January 3, 2018

On the road to driverless cars: Nissan is working on letting the driver’s brain talk straight to the car

By Billy

The hype around driverless cars — also sometimes called self-driving cars — can seem a bit ahead of itself, leaving people wondering why there’s all this talk about something that’s still along way off, if it arrives at all.

However, Japanese car maker Nissan thinks it can help smooth the transition to driverless cars — claiming it has developed technology that allows cars to interpret signals from the driver’s brain.

Nissan is set to demonstrate the new tech at the CES 2018 trade show in Las Vegas next week in a driving simulator.

While many in Silicon Valley say the world of driverless cars is just a few short years away, real world tests outside of a few tech hubs are few and far between.

Car makers and tech companies from Ford to Google have made huge progress in making fully automated cars a reality — but there are still hurdles to overcome.

Changing and unpredictable weather can interfere with the car’s ability to identify or track moving objects and GPS and artificial intelligence vision systems can struggle in remote or inaccessible areas.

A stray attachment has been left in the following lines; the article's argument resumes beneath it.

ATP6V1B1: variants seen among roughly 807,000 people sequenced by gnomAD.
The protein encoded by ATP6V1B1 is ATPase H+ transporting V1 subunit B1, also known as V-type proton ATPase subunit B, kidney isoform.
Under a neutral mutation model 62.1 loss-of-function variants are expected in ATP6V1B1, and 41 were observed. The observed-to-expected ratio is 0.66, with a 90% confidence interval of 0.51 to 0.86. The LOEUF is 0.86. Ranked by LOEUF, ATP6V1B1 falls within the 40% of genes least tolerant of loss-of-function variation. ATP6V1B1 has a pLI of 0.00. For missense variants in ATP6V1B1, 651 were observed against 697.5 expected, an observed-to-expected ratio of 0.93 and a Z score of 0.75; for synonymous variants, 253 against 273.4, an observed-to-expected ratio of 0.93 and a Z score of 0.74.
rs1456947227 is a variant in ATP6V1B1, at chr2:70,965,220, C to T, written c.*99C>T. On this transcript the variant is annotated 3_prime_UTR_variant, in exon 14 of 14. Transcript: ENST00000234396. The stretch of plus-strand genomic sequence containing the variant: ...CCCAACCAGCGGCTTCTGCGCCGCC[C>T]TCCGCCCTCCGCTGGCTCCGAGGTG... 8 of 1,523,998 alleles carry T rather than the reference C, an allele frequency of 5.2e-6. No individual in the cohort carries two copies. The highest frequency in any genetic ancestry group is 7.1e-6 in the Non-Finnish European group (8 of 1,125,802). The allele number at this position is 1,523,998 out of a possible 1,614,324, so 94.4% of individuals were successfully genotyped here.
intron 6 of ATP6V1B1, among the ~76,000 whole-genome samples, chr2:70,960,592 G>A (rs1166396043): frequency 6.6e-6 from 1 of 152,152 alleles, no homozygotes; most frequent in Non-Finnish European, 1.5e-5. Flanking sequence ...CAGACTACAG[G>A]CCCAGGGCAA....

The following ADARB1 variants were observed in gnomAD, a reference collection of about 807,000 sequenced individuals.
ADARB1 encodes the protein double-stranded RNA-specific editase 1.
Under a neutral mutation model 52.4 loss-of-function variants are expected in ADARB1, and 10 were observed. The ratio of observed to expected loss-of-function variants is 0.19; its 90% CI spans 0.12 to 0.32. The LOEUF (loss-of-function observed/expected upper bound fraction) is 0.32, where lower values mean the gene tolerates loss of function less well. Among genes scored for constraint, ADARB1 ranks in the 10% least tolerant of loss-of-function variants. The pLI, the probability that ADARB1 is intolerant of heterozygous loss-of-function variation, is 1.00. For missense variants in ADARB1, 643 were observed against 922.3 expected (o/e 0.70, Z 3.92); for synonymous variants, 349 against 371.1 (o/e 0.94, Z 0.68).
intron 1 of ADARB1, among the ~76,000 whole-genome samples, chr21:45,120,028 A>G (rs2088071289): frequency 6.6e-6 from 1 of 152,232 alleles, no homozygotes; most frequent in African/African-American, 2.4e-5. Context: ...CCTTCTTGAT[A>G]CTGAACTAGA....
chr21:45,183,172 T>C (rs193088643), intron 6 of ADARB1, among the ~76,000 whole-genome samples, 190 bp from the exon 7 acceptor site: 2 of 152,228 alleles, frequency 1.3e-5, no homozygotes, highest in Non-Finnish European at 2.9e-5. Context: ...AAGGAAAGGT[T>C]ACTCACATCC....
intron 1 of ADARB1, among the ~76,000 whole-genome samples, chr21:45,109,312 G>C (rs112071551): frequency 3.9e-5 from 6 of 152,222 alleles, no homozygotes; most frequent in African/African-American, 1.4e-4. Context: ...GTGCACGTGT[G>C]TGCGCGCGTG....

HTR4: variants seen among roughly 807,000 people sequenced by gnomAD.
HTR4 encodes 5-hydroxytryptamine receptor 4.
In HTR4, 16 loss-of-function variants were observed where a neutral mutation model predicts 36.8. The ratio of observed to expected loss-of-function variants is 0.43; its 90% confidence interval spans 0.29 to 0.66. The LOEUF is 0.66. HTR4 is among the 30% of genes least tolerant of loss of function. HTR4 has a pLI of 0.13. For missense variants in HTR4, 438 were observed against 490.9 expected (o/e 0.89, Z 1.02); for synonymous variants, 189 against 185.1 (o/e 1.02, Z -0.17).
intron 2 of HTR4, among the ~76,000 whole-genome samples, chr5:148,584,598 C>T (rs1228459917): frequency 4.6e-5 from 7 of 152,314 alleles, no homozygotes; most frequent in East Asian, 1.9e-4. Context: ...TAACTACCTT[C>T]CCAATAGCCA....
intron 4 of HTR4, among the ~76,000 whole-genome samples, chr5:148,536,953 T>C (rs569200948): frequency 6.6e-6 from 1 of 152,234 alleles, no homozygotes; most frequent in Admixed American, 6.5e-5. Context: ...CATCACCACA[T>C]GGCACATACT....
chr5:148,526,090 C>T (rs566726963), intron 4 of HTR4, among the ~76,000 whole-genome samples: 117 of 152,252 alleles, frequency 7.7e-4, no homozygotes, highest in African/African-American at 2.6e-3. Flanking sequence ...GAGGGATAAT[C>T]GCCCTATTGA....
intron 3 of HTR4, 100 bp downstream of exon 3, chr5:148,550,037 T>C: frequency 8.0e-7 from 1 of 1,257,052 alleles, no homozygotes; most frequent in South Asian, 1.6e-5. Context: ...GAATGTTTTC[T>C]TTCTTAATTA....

Nissan thinks so-called brain-to-vehicle technology will mean the a drivers’ reaction times are sped up, making driving safer and easier.

Nissan executive vice president Daniele Schillaci said:

When most people think about autonomous driving, they have a very impersonal vision of the future, where humans relinquish control to the machines. Yet brain-to-vehicle technology does the opposite, by using signals from their own brain to make the drive even more exciting and enjoyable.

Through Nissan Intelligent Mobility, we are moving people to a better world by delivering more autonomy, more electrification and more connectivity.


How will brain-to-vehicle communication work?

According to Nissan the driver will wears a device that measures brain wave activity, which is then analysed by autonomous systems.

By anticipating intended movement, the systems can take actions – such as turning the steering wheel or slowing the car – 0.2 to 0.5 seconds faster than the driver, while remaining largely imperceptible.

Credit: Nissan

Lucian Gheorghe, senior innovation researcher at the Nissan Research Center in Japan, who’s leading the B2V research, said:

The potential applications of the technology are incredible. This research will be a catalyst for more Nissan innovation inside our vehicles in the years to come.

Gheorghe expects the technology could also be used for augmented reality to adjust what the driver sees and create a more relaxing environment.

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